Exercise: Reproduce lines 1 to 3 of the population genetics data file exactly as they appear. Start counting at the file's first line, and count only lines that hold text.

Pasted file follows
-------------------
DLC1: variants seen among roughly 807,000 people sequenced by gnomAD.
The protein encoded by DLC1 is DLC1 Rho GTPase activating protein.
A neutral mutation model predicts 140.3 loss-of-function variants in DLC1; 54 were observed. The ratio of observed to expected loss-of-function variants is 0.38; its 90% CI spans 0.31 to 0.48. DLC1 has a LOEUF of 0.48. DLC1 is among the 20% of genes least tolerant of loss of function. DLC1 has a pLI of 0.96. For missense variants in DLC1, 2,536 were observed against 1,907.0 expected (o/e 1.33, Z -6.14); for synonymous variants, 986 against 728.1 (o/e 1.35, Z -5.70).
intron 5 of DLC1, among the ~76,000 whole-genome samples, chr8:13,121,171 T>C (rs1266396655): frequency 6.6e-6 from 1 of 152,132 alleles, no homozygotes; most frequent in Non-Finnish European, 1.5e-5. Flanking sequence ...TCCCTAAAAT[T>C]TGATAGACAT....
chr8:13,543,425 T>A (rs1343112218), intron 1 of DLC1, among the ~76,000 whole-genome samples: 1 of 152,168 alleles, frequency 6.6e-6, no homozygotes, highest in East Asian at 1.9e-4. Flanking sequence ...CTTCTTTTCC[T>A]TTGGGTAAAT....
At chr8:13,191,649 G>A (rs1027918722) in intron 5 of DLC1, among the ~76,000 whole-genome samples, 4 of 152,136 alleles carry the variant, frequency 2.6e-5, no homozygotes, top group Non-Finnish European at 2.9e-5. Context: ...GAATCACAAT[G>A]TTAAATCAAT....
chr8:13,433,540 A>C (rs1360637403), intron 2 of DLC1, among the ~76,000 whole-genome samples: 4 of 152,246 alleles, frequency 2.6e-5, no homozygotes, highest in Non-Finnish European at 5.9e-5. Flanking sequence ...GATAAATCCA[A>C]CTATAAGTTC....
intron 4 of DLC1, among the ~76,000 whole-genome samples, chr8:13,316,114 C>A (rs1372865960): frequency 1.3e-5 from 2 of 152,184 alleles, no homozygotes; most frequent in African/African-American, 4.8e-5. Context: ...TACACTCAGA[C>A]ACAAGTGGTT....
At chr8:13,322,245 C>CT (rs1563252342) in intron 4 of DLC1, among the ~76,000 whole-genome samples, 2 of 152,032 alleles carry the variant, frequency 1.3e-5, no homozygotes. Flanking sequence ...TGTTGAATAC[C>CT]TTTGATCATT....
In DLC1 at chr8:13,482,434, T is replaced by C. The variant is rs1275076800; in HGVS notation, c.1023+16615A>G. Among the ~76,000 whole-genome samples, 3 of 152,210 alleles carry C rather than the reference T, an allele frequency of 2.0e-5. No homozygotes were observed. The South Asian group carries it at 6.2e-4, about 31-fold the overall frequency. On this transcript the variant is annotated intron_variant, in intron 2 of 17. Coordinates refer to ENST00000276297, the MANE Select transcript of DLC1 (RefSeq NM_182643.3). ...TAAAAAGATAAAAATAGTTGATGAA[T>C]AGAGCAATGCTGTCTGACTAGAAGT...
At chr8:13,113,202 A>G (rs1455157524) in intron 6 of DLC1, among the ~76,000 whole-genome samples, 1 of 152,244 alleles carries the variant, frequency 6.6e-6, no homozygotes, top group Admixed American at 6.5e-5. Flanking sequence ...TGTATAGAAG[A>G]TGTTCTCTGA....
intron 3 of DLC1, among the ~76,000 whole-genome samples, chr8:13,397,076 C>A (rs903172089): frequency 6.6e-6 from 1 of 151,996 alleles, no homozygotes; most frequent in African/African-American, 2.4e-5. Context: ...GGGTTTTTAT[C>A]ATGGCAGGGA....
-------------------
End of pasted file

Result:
DLC1: variants seen among roughly 807,000 people sequenced by gnomAD.
The protein encoded by DLC1 is DLC1 Rho GTPase activating protein.
A neutral mutation model predicts 140.3 loss-of-function variants in DLC1; 54 were observed. The ratio of observed to expected loss-of-function variants is 0.38; its 90% CI spans 0.31 to 0.48. DLC1 has a LOEUF of 0.48. DLC1 is among the 20% of genes least tolerant of loss of function. DLC1 has a pLI of 0.96. For missense variants in DLC1, 2,536 were observed against 1,907.0 expected (o/e 1.33, Z -6.14); for synonymous variants, 986 against 728.1 (o/e 1.35, Z -5.70).